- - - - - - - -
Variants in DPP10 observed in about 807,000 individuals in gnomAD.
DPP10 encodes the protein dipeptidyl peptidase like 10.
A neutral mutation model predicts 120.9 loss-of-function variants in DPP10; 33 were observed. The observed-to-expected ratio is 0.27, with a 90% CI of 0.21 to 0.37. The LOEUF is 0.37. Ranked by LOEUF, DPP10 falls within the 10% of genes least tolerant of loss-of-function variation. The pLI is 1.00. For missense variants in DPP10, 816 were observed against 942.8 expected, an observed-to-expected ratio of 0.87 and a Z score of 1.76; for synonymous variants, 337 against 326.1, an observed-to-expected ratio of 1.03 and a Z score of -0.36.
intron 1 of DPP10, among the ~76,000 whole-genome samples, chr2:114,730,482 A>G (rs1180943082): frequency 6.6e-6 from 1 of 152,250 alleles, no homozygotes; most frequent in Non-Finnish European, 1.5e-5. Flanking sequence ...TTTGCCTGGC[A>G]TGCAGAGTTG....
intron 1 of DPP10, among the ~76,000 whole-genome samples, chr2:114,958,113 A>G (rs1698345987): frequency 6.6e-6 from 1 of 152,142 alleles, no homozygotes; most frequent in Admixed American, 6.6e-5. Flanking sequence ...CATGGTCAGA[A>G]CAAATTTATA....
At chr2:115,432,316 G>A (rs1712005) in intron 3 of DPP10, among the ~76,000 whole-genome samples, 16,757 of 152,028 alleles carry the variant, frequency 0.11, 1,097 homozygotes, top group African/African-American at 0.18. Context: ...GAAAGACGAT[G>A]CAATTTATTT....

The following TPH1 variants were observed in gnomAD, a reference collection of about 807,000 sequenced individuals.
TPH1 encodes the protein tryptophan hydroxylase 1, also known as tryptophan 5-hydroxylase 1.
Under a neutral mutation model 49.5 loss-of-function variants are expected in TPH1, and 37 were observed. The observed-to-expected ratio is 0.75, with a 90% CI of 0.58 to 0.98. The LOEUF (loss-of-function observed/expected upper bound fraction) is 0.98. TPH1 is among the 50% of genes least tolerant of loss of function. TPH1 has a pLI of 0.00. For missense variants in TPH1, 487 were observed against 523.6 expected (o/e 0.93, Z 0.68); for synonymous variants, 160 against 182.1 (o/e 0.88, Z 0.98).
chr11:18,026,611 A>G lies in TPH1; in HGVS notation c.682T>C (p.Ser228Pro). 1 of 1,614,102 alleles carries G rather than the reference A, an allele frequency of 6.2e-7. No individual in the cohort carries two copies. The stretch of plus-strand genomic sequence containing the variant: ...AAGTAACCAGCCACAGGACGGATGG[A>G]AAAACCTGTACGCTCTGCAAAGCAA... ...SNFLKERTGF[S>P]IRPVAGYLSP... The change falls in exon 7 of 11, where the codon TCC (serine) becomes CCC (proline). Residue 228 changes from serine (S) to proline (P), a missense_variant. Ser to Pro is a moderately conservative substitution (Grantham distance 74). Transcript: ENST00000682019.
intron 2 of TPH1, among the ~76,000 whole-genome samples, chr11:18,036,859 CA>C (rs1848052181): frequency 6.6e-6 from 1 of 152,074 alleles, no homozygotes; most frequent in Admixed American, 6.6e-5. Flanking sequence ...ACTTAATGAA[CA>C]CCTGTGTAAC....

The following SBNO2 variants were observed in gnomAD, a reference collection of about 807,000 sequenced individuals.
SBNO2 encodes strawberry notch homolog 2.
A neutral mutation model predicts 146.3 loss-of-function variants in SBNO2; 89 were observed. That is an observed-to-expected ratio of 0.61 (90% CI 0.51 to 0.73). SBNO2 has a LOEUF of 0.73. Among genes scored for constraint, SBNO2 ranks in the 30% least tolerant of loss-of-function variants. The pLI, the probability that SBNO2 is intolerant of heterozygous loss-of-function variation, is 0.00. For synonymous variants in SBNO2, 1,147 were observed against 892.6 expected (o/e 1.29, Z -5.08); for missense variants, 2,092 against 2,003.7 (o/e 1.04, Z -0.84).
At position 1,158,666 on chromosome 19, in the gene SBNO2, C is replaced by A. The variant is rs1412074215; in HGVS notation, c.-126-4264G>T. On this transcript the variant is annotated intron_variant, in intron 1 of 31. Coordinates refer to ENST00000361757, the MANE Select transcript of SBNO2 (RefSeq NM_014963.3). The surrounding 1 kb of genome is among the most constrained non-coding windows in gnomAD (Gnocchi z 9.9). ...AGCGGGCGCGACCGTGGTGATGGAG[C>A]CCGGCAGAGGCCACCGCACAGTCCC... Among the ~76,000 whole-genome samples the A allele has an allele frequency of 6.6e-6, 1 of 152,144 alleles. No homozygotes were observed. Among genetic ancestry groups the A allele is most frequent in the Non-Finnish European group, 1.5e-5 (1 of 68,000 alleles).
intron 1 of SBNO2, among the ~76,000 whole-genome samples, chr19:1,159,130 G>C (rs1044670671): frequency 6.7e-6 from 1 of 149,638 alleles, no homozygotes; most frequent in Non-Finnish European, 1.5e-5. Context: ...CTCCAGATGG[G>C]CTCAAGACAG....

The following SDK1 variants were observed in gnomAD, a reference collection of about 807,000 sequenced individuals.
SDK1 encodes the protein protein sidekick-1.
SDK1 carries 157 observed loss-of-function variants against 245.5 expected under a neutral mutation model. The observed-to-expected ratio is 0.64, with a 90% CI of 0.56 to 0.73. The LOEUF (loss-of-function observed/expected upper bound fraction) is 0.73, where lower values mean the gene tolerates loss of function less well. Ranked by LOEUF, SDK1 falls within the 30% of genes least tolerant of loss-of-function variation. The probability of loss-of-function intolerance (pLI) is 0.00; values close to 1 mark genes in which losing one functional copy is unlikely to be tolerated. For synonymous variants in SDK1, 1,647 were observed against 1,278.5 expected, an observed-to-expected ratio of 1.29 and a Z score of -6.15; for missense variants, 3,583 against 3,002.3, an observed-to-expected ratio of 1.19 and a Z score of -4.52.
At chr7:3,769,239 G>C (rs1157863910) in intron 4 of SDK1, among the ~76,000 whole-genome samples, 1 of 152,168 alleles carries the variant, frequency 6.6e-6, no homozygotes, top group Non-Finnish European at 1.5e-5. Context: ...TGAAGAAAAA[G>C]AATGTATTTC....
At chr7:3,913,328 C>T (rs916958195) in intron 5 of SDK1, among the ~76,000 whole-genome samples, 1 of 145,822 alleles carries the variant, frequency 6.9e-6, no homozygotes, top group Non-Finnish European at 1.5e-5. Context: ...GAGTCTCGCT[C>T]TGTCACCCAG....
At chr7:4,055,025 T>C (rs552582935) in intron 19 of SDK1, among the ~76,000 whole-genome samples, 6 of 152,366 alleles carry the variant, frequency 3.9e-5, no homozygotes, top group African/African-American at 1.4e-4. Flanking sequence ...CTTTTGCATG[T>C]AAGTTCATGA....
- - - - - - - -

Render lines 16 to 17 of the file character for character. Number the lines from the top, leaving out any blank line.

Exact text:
intron 1 of SBNO2, among the ~76,000 whole-genome samples, chr19:1,159,130 G>C (rs1044670671): frequency 6.7e-6 from 1 of 149,638 alleles, no homozygotes; most frequent in Non-Finnish European, 1.5e-5. Context: ...CTCCAGATGG[G>C]CTCAAGACAG....

The following SDK1 variants were observed in gnomAD, a reference collection of about 807,000 sequenced individuals.